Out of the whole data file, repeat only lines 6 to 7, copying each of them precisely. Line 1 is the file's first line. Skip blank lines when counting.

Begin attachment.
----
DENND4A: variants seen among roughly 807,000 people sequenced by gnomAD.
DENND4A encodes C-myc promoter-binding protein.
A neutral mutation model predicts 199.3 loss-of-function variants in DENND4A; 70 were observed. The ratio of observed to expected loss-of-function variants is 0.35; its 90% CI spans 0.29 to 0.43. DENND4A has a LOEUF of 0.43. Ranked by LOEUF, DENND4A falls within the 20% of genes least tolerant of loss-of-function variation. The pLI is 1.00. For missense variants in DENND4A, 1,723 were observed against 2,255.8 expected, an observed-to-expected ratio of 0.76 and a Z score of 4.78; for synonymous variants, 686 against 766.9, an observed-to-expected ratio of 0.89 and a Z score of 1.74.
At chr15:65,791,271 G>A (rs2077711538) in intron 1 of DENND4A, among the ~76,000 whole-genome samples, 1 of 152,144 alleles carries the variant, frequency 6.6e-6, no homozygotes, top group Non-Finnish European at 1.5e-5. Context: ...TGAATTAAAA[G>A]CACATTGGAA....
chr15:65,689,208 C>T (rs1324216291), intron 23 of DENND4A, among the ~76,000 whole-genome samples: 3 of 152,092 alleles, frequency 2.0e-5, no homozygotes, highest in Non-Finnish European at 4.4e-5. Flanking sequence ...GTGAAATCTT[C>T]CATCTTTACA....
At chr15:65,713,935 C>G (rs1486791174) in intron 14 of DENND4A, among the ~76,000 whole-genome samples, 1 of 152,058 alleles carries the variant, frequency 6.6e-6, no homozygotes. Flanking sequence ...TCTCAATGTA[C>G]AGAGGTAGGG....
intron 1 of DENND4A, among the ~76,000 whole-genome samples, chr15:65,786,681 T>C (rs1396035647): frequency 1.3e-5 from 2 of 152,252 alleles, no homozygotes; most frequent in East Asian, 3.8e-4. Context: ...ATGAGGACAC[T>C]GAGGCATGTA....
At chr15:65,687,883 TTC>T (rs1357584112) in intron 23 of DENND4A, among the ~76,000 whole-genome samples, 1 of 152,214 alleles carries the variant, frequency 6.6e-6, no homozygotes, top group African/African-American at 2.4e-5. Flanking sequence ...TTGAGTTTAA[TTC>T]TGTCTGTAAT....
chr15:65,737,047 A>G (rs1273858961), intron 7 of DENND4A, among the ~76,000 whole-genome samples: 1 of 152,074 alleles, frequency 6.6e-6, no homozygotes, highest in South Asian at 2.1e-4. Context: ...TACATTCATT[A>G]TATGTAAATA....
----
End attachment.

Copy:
At chr15:65,713,935 C>G (rs1486791174) in intron 14 of DENND4A, among the ~76,000 whole-genome samples, 1 of 152,058 alleles carries the variant, frequency 6.6e-6, no homozygotes. Flanking sequence ...TCTCAATGTA[C>G]AGAGGTAGGG....
intron 1 of DENND4A, among the ~76,000 whole-genome samples, chr15:65,786,681 T>C (rs1396035647): frequency 1.3e-5 from 2 of 152,252 alleles, no homozygotes; most frequent in East Asian, 3.8e-4. Context: ...ATGAGGACAC[T>C]GAGGCATGTA....